"A Danish man would have a "surname" based on his father's name + sen (such as "Ole's son"). So a Danish form would be Splansen. Could that be Svensen, or Paulsen, or...."
I should have pointed out that a patronymic name lasts only one generation. Each man who has children gives his children his own first name + sen. (in the case of daughters the older tradition was to use his first name + datter).
Thus if "Splan" is a mangling of a Danish male name, it would have to "stick" to the family as a permanent surname during the years when Danes abandoned the patronymic naming system and adopted surnames. This would be anytime over a number of years from about 1800 onward.
More likely that Splan could be based on a Danish place name (and more likely still that it is not Danish). A Dane might carry a first name, possibly a middle name, a patroymic name, and an identifier name (such as a place name or occupation name), in that order. I suppose Splan could be an occupation, etc. Read about Danish naming practices to discover all the varieties of what I'm calling an "identifier" name.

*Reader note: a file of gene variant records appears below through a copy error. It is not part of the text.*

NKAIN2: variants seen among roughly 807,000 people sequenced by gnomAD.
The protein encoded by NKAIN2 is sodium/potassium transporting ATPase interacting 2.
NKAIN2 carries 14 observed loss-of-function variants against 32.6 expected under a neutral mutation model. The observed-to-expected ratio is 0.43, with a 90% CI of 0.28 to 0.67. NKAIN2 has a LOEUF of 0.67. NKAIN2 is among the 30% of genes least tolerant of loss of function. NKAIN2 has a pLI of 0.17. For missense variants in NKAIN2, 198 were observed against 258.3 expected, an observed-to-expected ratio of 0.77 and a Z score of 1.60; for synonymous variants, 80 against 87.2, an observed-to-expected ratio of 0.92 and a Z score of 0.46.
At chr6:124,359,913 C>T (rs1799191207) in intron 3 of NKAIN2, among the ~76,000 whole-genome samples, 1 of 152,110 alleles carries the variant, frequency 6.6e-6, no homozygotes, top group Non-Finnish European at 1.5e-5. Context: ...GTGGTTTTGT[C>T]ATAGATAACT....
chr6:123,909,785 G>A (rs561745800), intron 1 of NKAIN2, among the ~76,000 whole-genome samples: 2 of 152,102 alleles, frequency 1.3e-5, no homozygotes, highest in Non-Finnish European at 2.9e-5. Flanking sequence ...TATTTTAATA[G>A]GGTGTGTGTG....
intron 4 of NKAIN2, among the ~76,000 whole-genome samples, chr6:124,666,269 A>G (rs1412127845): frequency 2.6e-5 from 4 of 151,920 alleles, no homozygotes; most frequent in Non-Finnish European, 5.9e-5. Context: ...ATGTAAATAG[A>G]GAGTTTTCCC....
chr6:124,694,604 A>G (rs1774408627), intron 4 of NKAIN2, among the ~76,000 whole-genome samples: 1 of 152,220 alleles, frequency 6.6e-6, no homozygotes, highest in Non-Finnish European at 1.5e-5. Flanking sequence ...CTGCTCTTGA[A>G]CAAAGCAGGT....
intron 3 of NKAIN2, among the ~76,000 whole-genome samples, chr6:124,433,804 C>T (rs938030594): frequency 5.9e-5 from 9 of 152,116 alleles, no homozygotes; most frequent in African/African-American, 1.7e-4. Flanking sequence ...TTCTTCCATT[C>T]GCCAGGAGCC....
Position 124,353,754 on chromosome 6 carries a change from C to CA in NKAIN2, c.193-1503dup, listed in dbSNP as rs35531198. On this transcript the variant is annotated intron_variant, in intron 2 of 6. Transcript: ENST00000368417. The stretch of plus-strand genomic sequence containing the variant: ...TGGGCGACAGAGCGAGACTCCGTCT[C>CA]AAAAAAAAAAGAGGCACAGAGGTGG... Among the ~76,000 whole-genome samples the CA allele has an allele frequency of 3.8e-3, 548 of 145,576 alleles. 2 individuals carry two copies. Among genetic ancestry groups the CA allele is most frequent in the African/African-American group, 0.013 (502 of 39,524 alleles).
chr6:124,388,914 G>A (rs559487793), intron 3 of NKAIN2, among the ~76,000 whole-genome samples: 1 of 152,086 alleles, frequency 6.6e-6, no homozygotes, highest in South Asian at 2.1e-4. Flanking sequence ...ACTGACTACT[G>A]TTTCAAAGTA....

Here's an example of a place name at the end: Nicholas Mikkel Olsen Splantown. I'm just making up a silly example of "splan" appearing in a place name.
When choosing a permanent surname, Danes and other Scandinavians sometimes adopted their place name (or other identifier name) instead of their patronymic name.
So that's just background information you don't need now, but may help if you want to explore "splan" as having a possible Danish root.